Should such a change take place, millions who voted for the Democrats under the false impression that the replacement of Bush would signal an end to war and the amelioration of unemployment and social deprivation be cruelly disappointed, and will quickly find themselves in conflict with the new government.
The Socialist Equality Party is intervening in the 2004 election to prepare for the inevitable social and political struggles that lie ahead, no matter which of these two parties control the White House in 2005. We insist that nothing will be gained by replacing the criminals of the Republican administration with the scoundrels of the Democratic Party.
The interests and desires of the vast majority of the American people find no expression in either of these parties. The working people are politically disenfranchised. Our campaign—that of my vice presidential running mate Jim Lawrence and myself nationally, and those being waged by Senate, congressional and local candidates of the SEP in different parts of the country—offers the only way forward for the tens of millions of working people, students, professionals and youth searching for a new political road in the fight against imperialist war abroad and social reaction at home.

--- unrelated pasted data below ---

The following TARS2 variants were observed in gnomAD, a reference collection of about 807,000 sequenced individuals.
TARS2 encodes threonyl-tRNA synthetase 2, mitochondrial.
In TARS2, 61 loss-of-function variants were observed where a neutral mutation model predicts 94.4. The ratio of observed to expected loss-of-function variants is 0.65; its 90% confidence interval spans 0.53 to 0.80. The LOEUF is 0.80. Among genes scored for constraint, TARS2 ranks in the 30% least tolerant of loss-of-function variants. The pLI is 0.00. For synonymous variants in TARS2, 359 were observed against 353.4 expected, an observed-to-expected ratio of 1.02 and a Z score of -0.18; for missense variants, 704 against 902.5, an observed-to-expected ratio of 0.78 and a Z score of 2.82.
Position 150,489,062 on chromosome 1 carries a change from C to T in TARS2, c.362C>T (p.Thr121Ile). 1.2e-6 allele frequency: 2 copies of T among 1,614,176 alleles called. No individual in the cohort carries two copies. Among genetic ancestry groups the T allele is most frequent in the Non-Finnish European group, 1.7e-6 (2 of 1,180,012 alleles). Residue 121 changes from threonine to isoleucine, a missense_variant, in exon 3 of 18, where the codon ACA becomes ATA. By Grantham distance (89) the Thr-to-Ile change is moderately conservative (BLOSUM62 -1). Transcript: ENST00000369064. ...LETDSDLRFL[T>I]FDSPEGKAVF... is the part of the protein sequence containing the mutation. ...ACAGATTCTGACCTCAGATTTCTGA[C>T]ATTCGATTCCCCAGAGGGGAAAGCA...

Our campaign starts from the unpostponable necessity of building an independent mass political movement, founded on a socialist program that seeks to unite working people of every country in a common struggle against global capitalism.
We urge all those seeking a means to fight back against the criminal policies of the Bush administration and its Democratic Party accomplices to join our campaign, participate in the struggle to overcome the anti-democratic obstacles to placing our candidates on the ballot, and make the decision to join and build the Socialist Equality Party.